By Jared Chausow
By Katie Toth
By Elizabeth Flock
By Albert Samaha
By Anna Merlan
By Jon Campbell
By Jon Campbell
By Albert Samaha
A few months after Moglen's speech, the group launched a Kickstarter campaign for a project they called Diaspora*. Diaspora* would be everything Moglen had called for: open-source, respectful of privacy, and controlled by users. Instead of routing all exchanges through a central clearinghouse, Diaspora* users would set up their own nodes, storing their information locally.
The team members quickly raised more than $200,000, plenty to fund a summer in San Francisco and to build the skeleton of their new social network. That fall, they released a "pre-alpha" version, soliciting feedback from other developers. There was plenty of criticism, but most of it was constructive. A year later, last November, the team released a redesigned version that patched the earlier security holes and included a host of new features, many familiar for users of Facebook and Twitter: hashtags, status updates, and "Like" buttons.
Just days later, Zhitomirskiy died suddenly, in what a source close to the company told CNNMoney was a suicide. The loss of Zhitomirskiy—often described as the most idealistic and privacy-conscious member of the group—was a devastating setback, but Diaspora* continues.
Early on, the team recognized that coding a distributed social network might actually be the easy part. It would be harder to persuade users to move from Facebook—the network where all their friends, (past, present, and future) already were—to their new, sparsely populated network.
Their solution was to make Diaspora* play well with others. Sign up for a Diaspora* account, and your posts can easily be imported into Tumblr, Twitter, and even Facebook. In the early stages of its use, Diaspora* can function as a social aggregator, bringing together feeds from various other platforms. The idea is that this lowers the barriers to joining the network, and as more of your friends join, you no longer need to bounce communications through Facebook. Instead, you can communicate directly, securely, and without running exchanges past the prying eyes of Zuckerberg and his business associates.
It probably shouldn't be surprising that another of the teams building an alternative social network is affiliated with the Occupy movement.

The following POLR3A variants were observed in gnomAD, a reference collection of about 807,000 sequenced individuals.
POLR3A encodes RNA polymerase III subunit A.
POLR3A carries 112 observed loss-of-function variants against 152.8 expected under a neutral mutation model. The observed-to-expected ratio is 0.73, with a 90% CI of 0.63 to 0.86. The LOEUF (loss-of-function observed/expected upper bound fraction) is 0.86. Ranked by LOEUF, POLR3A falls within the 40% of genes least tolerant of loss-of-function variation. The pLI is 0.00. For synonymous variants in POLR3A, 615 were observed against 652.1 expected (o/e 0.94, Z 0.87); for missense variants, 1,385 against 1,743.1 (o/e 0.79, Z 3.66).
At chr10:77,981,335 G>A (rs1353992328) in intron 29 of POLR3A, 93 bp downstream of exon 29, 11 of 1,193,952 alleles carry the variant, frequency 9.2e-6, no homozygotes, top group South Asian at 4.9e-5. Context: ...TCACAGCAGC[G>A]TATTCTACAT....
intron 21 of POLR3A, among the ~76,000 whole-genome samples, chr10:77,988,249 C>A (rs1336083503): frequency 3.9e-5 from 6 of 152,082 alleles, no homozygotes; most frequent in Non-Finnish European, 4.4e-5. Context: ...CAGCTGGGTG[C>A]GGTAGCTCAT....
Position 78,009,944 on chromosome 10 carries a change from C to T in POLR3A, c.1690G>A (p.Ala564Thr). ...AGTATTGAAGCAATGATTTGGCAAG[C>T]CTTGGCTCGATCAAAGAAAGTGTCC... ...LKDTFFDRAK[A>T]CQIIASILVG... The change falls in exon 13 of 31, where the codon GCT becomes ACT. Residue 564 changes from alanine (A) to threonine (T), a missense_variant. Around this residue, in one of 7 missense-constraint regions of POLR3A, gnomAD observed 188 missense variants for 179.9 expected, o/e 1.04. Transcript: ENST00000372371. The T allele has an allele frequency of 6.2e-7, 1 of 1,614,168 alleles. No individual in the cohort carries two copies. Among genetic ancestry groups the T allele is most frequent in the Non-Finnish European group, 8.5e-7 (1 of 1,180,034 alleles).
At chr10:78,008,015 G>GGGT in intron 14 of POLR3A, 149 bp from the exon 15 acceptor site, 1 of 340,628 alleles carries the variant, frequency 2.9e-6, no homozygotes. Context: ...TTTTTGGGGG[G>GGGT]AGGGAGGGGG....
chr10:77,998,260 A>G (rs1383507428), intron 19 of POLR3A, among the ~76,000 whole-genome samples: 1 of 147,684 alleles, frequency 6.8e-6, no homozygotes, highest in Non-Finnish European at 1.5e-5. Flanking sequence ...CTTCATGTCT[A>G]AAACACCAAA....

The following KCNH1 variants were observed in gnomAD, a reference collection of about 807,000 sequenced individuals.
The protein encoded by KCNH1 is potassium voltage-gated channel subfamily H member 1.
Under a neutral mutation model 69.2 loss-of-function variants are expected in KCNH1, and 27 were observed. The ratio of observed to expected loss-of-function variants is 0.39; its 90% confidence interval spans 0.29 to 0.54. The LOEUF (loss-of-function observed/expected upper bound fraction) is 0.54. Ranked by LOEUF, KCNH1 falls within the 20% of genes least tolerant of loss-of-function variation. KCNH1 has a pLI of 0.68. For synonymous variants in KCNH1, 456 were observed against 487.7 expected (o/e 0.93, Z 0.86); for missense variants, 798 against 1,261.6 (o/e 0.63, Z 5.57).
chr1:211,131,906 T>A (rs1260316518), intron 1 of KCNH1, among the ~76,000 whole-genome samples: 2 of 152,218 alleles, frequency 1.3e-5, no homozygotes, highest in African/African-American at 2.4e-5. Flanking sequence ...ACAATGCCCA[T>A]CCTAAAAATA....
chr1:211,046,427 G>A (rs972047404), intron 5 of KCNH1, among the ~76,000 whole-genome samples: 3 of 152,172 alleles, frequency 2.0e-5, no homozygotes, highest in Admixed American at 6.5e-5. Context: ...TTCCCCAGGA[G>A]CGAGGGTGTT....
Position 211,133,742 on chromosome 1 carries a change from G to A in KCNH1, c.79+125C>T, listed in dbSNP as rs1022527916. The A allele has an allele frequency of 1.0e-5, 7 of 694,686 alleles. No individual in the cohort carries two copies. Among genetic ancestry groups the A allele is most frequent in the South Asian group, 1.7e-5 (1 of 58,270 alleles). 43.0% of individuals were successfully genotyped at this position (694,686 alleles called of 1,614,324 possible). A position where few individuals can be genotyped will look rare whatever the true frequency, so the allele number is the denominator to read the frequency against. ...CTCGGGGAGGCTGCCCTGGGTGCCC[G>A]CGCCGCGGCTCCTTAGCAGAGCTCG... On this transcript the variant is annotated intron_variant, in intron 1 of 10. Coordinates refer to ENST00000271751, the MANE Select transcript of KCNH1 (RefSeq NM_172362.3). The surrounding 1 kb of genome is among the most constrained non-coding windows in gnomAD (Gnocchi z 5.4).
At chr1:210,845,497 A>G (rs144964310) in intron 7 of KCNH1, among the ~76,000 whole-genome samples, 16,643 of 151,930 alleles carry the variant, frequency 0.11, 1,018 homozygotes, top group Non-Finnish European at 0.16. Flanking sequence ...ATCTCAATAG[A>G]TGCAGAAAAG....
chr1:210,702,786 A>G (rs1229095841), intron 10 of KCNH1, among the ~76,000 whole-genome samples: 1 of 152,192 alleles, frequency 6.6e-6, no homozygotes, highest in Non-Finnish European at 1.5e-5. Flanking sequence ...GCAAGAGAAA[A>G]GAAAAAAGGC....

Ed Knutson, a software developer from Milwaukee, became instantly engaged with Occupy Wall Street when the movement first started garnering national headlines early last fall. As the movement spread, Knutson traveled to several East Coast occupations and met with teams to discuss the technology needs of the movement.
"We needed tools for people to communicate more directly, without having to all be in the same physical space," Knutson says. "A lot of what was happening was very ad hoc, different groups trying to talk to each other across Skype and Twitter. It wasn't working very well. We needed a platform where people from different occupations could cross-pollinate their ideas."
In October, a loose team of coders from across the country began collaborating to build that platform.
Knutson was also in touch with members of the Indignados, a Spanish movement that prefigured Occupy Wall Street and served as an early model for the American movement. Together, they began to imagine a network that would leap national boundaries and allow different movements to share information, plans, and expertise. The resulting project, Global Square, overlaps significantly with a more Occupy-specific project called the Federated General Assembly—run largely out of New York by a team coordinated by Sam Boyer.
Boyer's activist roots date back to his student days at the University of Rochester, where he was active with the Student Trade Justice Campaign, part of the anti–World Trade Organization movement. In 2006, Boyer was a delegate to a meeting of the international coalition Our World Is Not for Sale, joining everyone including organizers from fishing communities in the Philippines to policy wonks from Geneva and Washington. During the meeting, Boyer realized that there was something fundamentally broken about how the group was talking to itself.
"Because so much of the communication was going on over e-mail, it tended to privilege one sort of people—the ones who had the time and means to spend a lot of time reading and sending e-mail," Boyer says. "It meant that the Western policy-oriented people had a much stronger voice than the activists actually on the ground. There was no way for people who didn't already have an encyclopedic knowledge of the issues to tap into all the collective knowledge. Basically, the architecture of communication was distorting the conversation."
So Boyer, who had no previous coding experience, decided to build a better system. He threw himself into computer engineering, taught himself the open-source content-management framework Drupal, and experimented with better ways for activists to communicate.
"I realized we needed a lot of different kinds of spaces: small-process spaces, big-process spaces, taking stuff that happens offline and finding ways to make it happen online."
By the time Occupy Wall Street had seized Zuccotti Park, Boyer was a well-known figure among Drupal developers, and he decided to leverage his experience and connections to build the occupiers a platform to help them talk to one another.
The result—the Federated General Assembly—won't receive its first provisional rollout for several months. But as with Diaspora*, early response even to just the idea has been overwhelming.